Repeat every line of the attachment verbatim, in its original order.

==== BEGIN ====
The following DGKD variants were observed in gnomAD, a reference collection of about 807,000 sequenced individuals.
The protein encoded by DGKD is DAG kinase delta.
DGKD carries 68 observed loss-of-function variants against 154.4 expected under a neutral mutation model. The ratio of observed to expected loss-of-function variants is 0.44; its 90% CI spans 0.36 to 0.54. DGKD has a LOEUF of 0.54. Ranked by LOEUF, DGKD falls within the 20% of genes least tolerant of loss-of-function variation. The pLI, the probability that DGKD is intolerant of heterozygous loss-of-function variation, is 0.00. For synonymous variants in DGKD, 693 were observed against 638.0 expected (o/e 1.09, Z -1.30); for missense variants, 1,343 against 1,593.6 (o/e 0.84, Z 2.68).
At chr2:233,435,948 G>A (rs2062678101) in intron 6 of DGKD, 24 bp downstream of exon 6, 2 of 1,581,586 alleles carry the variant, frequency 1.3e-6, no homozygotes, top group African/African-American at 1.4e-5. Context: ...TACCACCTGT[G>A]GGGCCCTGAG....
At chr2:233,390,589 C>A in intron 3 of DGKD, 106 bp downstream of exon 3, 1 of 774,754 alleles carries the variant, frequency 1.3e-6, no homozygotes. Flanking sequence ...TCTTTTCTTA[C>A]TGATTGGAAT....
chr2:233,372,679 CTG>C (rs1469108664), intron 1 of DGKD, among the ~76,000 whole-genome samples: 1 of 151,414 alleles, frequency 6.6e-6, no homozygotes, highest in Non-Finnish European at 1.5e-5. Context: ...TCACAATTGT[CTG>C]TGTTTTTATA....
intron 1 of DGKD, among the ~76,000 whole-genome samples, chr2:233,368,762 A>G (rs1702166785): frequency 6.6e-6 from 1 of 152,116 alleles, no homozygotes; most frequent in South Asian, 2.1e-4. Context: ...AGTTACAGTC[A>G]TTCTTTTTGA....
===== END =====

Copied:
The following DGKD variants were observed in gnomAD, a reference collection of about 807,000 sequenced individuals.
The protein encoded by DGKD is DAG kinase delta.
DGKD carries 68 observed loss-of-function variants against 154.4 expected under a neutral mutation model. The ratio of observed to expected loss-of-function variants is 0.44; its 90% CI spans 0.36 to 0.54. DGKD has a LOEUF of 0.54. Ranked by LOEUF, DGKD falls within the 20% of genes least tolerant of loss-of-function variation. The pLI, the probability that DGKD is intolerant of heterozygous loss-of-function variation, is 0.00. For synonymous variants in DGKD, 693 were observed against 638.0 expected (o/e 1.09, Z -1.30); for missense variants, 1,343 against 1,593.6 (o/e 0.84, Z 2.68).
At chr2:233,435,948 G>A (rs2062678101) in intron 6 of DGKD, 24 bp downstream of exon 6, 2 of 1,581,586 alleles carry the variant, frequency 1.3e-6, no homozygotes, top group African/African-American at 1.4e-5. Context: ...TACCACCTGT[G>A]GGGCCCTGAG....
At chr2:233,390,589 C>A in intron 3 of DGKD, 106 bp downstream of exon 3, 1 of 774,754 alleles carries the variant, frequency 1.3e-6, no homozygotes. Flanking sequence ...TCTTTTCTTA[C>A]TGATTGGAAT....
chr2:233,372,679 CTG>C (rs1469108664), intron 1 of DGKD, among the ~76,000 whole-genome samples: 1 of 151,414 alleles, frequency 6.6e-6, no homozygotes, highest in Non-Finnish European at 1.5e-5. Context: ...TCACAATTGT[CTG>C]TGTTTTTATA....
intron 1 of DGKD, among the ~76,000 whole-genome samples, chr2:233,368,762 A>G (rs1702166785): frequency 6.6e-6 from 1 of 152,116 alleles, no homozygotes; most frequent in South Asian, 2.1e-4. Context: ...AGTTACAGTC[A>G]TTCTTTTTGA....